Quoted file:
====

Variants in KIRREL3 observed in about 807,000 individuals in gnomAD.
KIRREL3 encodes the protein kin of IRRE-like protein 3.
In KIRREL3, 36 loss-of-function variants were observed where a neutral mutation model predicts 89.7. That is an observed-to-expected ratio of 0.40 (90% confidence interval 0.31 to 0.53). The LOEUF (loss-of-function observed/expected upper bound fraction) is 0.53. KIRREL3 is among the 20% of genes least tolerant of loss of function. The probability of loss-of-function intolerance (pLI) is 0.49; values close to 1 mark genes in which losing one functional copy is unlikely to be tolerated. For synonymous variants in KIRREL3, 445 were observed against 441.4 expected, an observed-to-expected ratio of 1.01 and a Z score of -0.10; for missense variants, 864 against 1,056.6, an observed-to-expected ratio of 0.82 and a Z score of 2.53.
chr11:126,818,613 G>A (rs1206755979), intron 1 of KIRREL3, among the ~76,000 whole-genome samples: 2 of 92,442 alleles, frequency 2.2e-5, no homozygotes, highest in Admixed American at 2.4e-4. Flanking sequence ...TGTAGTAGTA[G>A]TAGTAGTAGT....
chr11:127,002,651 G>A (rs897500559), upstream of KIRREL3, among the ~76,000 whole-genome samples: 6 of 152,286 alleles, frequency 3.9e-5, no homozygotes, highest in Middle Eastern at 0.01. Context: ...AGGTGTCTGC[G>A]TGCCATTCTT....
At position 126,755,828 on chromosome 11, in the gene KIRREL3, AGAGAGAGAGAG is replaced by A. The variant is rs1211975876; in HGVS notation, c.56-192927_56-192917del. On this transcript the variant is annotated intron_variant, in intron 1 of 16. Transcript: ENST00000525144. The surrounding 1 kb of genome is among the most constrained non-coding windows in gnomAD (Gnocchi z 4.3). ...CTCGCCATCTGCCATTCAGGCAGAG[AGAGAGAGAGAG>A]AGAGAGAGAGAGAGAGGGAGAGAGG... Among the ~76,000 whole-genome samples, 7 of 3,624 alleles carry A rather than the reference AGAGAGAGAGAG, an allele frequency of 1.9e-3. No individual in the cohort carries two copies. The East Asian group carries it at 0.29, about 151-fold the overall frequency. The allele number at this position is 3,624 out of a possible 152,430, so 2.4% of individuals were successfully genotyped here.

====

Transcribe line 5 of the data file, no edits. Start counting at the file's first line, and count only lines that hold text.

chr11:127,002,651 G>A (rs897500559), upstream of KIRREL3, among the ~76,000 whole-genome samples: 6 of 152,286 alleles, frequency 3.9e-5, no homozygotes, highest in Middle Eastern at 0.01. Context: ...AGGTGTCTGC[G>A]TGCCATTCTT....